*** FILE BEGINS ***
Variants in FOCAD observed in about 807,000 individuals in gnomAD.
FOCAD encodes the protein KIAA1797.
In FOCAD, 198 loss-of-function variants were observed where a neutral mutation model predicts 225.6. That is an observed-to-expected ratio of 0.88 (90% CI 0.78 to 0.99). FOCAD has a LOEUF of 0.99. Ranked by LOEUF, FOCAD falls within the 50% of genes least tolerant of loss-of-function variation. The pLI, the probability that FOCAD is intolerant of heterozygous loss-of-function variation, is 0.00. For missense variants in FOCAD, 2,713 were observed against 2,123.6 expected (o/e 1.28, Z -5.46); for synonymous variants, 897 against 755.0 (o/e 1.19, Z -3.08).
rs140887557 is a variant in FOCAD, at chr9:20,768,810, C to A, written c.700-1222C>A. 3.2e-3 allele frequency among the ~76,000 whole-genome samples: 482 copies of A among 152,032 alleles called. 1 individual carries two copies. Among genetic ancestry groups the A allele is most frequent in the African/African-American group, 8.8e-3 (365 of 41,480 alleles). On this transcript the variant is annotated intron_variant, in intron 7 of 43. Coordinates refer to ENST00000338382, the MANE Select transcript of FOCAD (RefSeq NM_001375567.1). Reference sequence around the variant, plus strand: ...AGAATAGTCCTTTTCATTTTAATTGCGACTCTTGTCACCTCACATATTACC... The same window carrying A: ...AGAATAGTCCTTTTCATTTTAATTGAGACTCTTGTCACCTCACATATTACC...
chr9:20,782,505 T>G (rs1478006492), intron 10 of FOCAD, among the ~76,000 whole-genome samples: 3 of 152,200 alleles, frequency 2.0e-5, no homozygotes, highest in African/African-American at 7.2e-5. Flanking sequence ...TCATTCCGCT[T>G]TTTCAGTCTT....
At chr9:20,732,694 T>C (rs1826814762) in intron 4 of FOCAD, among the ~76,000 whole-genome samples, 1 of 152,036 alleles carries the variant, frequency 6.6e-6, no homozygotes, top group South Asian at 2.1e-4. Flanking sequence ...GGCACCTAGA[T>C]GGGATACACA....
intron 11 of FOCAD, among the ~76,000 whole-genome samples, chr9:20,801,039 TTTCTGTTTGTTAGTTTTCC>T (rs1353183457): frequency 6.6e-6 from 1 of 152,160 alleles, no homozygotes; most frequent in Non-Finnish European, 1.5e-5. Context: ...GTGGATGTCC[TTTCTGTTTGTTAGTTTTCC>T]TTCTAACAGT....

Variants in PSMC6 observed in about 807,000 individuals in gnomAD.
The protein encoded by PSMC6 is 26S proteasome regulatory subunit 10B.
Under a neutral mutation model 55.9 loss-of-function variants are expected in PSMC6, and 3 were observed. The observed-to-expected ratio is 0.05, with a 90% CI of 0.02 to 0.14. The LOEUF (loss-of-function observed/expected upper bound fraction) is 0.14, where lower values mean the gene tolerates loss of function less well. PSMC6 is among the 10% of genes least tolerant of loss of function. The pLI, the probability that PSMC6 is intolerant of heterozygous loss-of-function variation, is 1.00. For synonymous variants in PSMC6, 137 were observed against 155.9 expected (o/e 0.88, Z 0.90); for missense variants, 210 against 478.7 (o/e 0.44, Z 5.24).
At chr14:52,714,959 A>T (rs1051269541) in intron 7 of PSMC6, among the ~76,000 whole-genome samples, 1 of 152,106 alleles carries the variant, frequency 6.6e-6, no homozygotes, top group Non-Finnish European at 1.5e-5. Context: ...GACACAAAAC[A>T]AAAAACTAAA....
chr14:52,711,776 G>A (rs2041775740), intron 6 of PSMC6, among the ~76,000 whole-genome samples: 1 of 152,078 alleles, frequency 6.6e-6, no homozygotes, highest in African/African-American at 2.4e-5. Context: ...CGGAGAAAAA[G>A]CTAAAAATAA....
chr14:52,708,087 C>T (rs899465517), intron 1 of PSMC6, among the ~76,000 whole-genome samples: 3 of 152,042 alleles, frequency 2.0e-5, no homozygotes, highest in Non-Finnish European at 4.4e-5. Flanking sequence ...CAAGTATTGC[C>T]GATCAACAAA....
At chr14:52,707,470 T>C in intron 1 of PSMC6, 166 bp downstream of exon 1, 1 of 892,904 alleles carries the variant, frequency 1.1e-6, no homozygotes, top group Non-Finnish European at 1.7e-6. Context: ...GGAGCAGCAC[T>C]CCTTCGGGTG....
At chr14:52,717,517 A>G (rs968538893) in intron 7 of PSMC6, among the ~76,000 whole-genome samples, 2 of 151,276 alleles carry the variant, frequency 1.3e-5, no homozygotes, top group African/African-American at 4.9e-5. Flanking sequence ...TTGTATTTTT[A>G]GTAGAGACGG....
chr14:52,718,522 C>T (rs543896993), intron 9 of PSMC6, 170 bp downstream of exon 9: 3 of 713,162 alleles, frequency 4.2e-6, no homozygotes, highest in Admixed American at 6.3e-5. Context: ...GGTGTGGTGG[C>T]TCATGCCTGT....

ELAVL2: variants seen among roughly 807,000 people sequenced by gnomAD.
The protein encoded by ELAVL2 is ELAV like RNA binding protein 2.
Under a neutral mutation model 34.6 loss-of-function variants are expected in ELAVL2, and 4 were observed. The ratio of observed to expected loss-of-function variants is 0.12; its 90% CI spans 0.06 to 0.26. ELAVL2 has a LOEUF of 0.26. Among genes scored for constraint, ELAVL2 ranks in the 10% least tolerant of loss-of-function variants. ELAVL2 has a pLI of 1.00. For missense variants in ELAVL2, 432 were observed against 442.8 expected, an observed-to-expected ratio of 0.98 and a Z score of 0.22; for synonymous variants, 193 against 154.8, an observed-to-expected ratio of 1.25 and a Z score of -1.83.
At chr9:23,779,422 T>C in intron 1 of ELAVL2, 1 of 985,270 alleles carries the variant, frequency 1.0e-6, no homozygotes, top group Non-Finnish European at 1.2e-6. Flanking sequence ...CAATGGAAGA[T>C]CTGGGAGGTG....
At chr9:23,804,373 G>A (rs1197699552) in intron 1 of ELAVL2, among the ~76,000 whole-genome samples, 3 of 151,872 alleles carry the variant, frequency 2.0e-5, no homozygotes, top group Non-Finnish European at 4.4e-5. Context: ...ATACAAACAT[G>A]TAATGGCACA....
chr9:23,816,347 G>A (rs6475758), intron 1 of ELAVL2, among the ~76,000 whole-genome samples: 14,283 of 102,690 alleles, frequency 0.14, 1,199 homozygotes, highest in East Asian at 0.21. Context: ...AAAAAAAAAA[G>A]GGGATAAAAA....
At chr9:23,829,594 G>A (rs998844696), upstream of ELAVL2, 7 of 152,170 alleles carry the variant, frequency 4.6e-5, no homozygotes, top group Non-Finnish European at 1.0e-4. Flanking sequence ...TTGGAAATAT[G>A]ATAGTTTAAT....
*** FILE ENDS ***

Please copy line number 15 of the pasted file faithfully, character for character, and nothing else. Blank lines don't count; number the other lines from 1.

At chr14:52,717,517 A>G (rs968538893) in intron 7 of PSMC6, among the ~76,000 whole-genome samples, 2 of 151,276 alleles carry the variant, frequency 1.3e-5, no homozygotes, top group African/African-American at 4.9e-5. Flanking sequence ...TTGTATTTTT[A>G]GTAGAGACGG....